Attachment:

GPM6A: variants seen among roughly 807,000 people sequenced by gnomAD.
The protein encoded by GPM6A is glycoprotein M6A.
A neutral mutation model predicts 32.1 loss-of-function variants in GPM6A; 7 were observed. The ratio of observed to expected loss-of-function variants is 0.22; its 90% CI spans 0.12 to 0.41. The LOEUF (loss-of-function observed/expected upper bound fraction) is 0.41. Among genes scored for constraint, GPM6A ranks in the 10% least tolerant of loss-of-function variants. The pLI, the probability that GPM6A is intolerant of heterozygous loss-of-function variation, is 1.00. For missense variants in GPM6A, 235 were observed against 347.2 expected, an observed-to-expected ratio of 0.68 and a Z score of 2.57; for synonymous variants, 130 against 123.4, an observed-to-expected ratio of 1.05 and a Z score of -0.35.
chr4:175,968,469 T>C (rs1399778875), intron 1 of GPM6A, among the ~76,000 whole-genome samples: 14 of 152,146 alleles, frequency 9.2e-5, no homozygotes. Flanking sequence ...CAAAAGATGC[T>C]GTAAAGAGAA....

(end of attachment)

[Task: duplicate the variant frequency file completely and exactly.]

GPM6A: variants seen among roughly 807,000 people sequenced by gnomAD.
The protein encoded by GPM6A is glycoprotein M6A.
A neutral mutation model predicts 32.1 loss-of-function variants in GPM6A; 7 were observed. The ratio of observed to expected loss-of-function variants is 0.22; its 90% CI spans 0.12 to 0.41. The LOEUF (loss-of-function observed/expected upper bound fraction) is 0.41. Among genes scored for constraint, GPM6A ranks in the 10% least tolerant of loss-of-function variants. The pLI, the probability that GPM6A is intolerant of heterozygous loss-of-function variation, is 1.00. For missense variants in GPM6A, 235 were observed against 347.2 expected, an observed-to-expected ratio of 0.68 and a Z score of 2.57; for synonymous variants, 130 against 123.4, an observed-to-expected ratio of 1.05 and a Z score of -0.35.
chr4:175,968,469 T>C (rs1399778875), intron 1 of GPM6A, among the ~76,000 whole-genome samples: 14 of 152,146 alleles, frequency 9.2e-5, no homozygotes. Flanking sequence ...CAAAAGATGC[T>C]GTAAAGAGAA....